Speaker 1:

So that's the feedback, too, of the children that they talk about. They always look forward to you coming back in because you would listen to them and they were like you're, like on our level, but they felt like more like adults and then they welcomed you into their world and their way of thinking. Because of the way that you interacted with them and I'm guilty of it too, I'm sure every parent has where you're kind of talking down to the kid and sometimes asking them what's going on in their thoughts and then breaking down the process of their thought, you can really understand more where they're maybe coming from on an idea, and it gave me pause on how I was, just as much as I can have at times a quick temperamental change or something that's frustrating my day and whatever it is. I might be snappy with my kid one day and then sometimes just to go okay, what did my kid go through today? Why is maybe my kid quote unquote misbehaving or in a bad mood or whatever? Just snap out of it. What's going on with you? Well, kids are going through stuff that are pretty remarkable every single day and there's a lot of big things happening, a lot of thoughts. They really are. I mean so whenever you kind of got down quote unquote on their level or you rose their level up to you or however you want to talk about that equilibrium state of the conversation, it really showed how much they respected you and opened up that, oh, this guy really wants to know how I feel, really wants to know how I think you're engaging them, and so what is? That process alone, I feel like is so valuable. But the way that you talk about how you open up those kinds of communication and being able to bring in those levels of discussion and really get to hear from the mouths of babes because some of these answers are just downright funny to some of these questions and some you're like, they're mind-blowingly powerful, like, oh, I didn't even think of that, like whoa, and you even talk about how sometimes you were taken aback with some of their answers.

Speaker 2:

Absolutely true. I have, early on in the process, as I said, I did it for 25 years as a volunteer. Early on in the process I came to accept that I will never underestimate these little kids, never Starting in first grade. Starting in first grade, I'll give you two anecdotes which I find very insightful. I find them powerful. I ask in almost every class at the beginning not every year for 25, but most. I'll hand out a very simple questionnaire and the first question is who are your heroes? And the second question is why is that person a hero? Almost all will answer the first question my hero is my mom or my dad or my parents, Almost all. Every now and then you get some guys, some little students Martin Luther King, nobody has ever said. My hero is the director of the Securities Exchange Commission. Nobody ever said that but Martin Luther King and so on, which is marvelous, okay. But then the second question and the answers to the second question why are they your hero? And the children universally answer because they made me better people, they helped me, they made me stronger. If you can't see the lesson there, then the very little will move you in life.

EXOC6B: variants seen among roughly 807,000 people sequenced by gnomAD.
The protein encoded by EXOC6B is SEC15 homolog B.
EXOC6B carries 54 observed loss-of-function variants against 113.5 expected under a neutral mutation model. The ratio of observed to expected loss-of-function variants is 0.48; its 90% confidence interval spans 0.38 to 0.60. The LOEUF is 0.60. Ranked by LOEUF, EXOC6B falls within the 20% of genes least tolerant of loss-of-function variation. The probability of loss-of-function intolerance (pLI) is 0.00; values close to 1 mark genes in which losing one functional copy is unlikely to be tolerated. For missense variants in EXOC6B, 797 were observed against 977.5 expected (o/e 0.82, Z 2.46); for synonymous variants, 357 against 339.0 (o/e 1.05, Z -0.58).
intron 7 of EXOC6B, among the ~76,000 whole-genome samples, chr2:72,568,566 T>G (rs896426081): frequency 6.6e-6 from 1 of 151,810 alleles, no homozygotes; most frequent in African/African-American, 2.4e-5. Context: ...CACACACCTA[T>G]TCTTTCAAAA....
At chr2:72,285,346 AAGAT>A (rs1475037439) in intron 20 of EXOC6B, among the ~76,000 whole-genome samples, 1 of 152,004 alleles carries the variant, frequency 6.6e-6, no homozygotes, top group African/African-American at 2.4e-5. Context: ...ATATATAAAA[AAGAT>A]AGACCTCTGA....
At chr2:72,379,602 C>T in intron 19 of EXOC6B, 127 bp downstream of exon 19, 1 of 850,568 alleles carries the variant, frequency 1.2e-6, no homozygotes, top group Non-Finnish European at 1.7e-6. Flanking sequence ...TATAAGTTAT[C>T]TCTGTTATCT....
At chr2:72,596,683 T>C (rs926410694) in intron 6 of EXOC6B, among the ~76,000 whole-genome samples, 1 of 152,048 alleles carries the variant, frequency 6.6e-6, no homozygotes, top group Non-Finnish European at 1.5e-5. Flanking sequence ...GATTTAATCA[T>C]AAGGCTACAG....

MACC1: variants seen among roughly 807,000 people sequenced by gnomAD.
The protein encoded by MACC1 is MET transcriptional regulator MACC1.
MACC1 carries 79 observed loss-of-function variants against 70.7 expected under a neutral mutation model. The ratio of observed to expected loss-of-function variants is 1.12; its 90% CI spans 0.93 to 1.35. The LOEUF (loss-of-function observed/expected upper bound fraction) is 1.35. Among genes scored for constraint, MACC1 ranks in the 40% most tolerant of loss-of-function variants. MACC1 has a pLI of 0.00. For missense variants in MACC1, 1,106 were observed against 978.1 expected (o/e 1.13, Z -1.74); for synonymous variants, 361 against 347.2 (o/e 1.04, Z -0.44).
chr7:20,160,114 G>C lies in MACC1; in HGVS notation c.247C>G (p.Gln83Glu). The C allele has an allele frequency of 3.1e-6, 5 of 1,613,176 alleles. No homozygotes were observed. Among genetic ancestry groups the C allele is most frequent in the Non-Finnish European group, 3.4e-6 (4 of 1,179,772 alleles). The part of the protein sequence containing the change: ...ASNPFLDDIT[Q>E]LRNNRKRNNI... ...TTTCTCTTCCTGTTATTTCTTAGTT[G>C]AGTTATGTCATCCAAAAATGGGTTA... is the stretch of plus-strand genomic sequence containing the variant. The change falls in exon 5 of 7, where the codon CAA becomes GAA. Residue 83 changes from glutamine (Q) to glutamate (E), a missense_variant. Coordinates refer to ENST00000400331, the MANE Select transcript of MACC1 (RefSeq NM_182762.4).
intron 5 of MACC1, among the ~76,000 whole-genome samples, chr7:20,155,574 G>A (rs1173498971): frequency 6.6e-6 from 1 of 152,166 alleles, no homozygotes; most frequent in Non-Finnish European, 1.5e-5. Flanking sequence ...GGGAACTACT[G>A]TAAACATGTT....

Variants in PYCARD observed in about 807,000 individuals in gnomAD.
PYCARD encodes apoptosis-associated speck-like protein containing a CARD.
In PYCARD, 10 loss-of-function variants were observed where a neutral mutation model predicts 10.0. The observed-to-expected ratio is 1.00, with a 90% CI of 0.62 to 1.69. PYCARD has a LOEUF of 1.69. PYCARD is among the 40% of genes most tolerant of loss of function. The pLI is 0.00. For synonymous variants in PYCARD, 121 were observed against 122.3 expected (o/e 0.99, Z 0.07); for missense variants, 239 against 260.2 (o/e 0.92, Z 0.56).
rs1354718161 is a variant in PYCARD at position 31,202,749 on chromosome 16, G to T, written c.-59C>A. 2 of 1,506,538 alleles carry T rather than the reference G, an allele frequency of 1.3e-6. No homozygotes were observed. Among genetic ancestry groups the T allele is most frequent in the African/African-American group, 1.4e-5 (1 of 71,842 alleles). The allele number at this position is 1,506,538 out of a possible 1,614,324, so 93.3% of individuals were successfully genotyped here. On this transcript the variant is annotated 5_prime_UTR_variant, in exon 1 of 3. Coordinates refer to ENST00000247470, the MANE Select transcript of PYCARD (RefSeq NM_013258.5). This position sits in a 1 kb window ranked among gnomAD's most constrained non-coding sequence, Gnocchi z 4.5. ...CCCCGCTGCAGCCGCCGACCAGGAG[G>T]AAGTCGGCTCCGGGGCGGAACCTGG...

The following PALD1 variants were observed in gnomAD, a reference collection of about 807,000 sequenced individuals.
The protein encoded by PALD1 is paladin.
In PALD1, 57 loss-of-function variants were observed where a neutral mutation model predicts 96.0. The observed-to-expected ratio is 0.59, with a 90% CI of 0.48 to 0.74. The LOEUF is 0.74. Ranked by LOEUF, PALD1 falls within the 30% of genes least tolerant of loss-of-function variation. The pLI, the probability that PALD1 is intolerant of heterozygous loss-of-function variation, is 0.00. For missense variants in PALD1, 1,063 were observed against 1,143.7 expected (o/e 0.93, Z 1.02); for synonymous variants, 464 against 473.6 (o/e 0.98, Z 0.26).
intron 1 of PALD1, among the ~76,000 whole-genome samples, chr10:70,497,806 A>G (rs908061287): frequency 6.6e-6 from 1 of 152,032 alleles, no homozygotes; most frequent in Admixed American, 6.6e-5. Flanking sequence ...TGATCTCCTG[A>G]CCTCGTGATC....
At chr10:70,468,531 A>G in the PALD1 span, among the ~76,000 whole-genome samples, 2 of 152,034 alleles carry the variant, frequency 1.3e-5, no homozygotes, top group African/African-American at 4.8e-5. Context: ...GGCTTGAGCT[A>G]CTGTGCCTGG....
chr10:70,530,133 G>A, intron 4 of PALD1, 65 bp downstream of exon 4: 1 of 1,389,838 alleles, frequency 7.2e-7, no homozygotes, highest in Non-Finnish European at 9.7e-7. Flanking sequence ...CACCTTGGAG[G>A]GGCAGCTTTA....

Speaker 1:

Have you had that question posed to you?

Speaker 2:

I would get out of it.

Speaker 1:

I'll put you on the square here.

Speaker 2:

You think that I'm going to get caught in my own question. George, how dare you. I'll tell you another anecdote. I asked the little ones and this was specifically, I remember most vividly, the fifth grade class in this Ebert Holaris in downtown Denver. A magnet school is called a magnet school. I asked them what makes them feel proud. Their answers caught me off guard. Tell you the truth. What makes me feel proud, what makes these little ones feel proud, is when their parent, maybe somebody else, asks what do you think? What is your opinion? Why is this important to you? You think about it and how could it be otherwise? How could it be otherwise once you think about it? Those are some of the issues that I did present right about in that book the Good, the Bad and the difference. Again, it is about the ability to measure whether you're being good or whether you're not being good, how to do it and how parents should teach it. The book was not written for first graders. When I began promoting it at the very beginning and speaking at the parent teacher conferences and Lions clubs and those kinds of venues, so many parents came up to me and said they liked most about the book was I gave them the words that affirmed what they thought was true but were not sure. Or perhaps more important. I gave them the words that empowered them to say what they believed was true. But they were afraid. A lot of parents are intimidated by their kids. Go figure, these little tiny nothings and their parents are afraid. I remember telling my son. My son said to me he said you're the worst dad in the world. I said how the hell do you know? And then somebody would say well, he really didn't mean it. I hold people accountable. I said to little Eric. I said little Erica. I said have you seen what children go through in Yemen? Do you see what they go through in Ethiopia? Have you seen what they go through? Fill in the blank, they don't eat, they have no roof, they have no food, they have no nothing. They go do very little cross country skiing. I'm worse than that. He said well, now that you mention it, it's not so bad, I'll clean up my room, but it's a matter of holding them accountable. And when you hold them accountable, what are you doing, george? You're honoring what they said, you're listening to them and you're saying what you said has value. And now, in this case, I'm going to tell you how full of crap you are. But it has value. I'm listening to you. I'm not being dismissive. You don't really mean it, honey, you don't really mean it. I don't know whether he meant it or not, it didn't matter. He said it, and words matter. To me, words matter. So I think that there's some good stuff in there that I think most anybody will find, at least something that has value?